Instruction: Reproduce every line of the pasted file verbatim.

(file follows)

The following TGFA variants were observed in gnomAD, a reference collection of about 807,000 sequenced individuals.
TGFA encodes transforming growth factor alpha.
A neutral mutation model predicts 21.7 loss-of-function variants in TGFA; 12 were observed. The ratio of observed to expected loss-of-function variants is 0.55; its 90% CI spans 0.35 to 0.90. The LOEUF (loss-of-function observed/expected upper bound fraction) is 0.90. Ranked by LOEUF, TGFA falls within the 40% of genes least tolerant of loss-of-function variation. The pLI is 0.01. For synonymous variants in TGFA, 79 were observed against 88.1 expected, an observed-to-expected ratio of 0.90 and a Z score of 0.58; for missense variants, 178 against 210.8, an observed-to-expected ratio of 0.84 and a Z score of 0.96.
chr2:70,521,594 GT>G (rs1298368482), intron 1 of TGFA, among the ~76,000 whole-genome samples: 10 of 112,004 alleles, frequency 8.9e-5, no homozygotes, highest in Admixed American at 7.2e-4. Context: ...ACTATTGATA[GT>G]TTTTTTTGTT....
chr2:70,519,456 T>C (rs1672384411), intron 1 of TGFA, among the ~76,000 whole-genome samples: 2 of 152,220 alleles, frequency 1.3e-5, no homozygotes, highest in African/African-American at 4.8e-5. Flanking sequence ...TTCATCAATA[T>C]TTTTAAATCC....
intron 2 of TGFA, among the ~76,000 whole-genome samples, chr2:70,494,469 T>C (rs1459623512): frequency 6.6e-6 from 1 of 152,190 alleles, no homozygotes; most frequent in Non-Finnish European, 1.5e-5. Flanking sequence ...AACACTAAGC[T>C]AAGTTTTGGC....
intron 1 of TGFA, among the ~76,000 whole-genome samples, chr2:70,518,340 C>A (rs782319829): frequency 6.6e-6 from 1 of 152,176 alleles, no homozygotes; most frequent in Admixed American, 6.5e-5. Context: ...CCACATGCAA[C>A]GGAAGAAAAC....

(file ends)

The following TGFA variants were observed in gnomAD, a reference collection of about 807,000 sequenced individuals.
TGFA encodes transforming growth factor alpha.
A neutral mutation model predicts 21.7 loss-of-function variants in TGFA; 12 were observed. The ratio of observed to expected loss-of-function variants is 0.55; its 90% CI spans 0.35 to 0.90. The LOEUF (loss-of-function observed/expected upper bound fraction) is 0.90. Ranked by LOEUF, TGFA falls within the 40% of genes least tolerant of loss-of-function variation. The pLI is 0.01. For synonymous variants in TGFA, 79 were observed against 88.1 expected, an observed-to-expected ratio of 0.90 and a Z score of 0.58; for missense variants, 178 against 210.8, an observed-to-expected ratio of 0.84 and a Z score of 0.96.
chr2:70,521,594 GT>G (rs1298368482), intron 1 of TGFA, among the ~76,000 whole-genome samples: 10 of 112,004 alleles, frequency 8.9e-5, no homozygotes, highest in Admixed American at 7.2e-4. Context: ...ACTATTGATA[GT>G]TTTTTTTGTT....
chr2:70,519,456 T>C (rs1672384411), intron 1 of TGFA, among the ~76,000 whole-genome samples: 2 of 152,220 alleles, frequency 1.3e-5, no homozygotes, highest in African/African-American at 4.8e-5. Flanking sequence ...TTCATCAATA[T>C]TTTTAAATCC....
intron 2 of TGFA, among the ~76,000 whole-genome samples, chr2:70,494,469 T>C (rs1459623512): frequency 6.6e-6 from 1 of 152,190 alleles, no homozygotes; most frequent in Non-Finnish European, 1.5e-5. Flanking sequence ...AACACTAAGC[T>C]AAGTTTTGGC....
intron 1 of TGFA, among the ~76,000 whole-genome samples, chr2:70,518,340 C>A (rs782319829): frequency 6.6e-6 from 1 of 152,176 alleles, no homozygotes; most frequent in Admixed American, 6.5e-5. Context: ...CCACATGCAA[C>A]GGAAGAAAAC....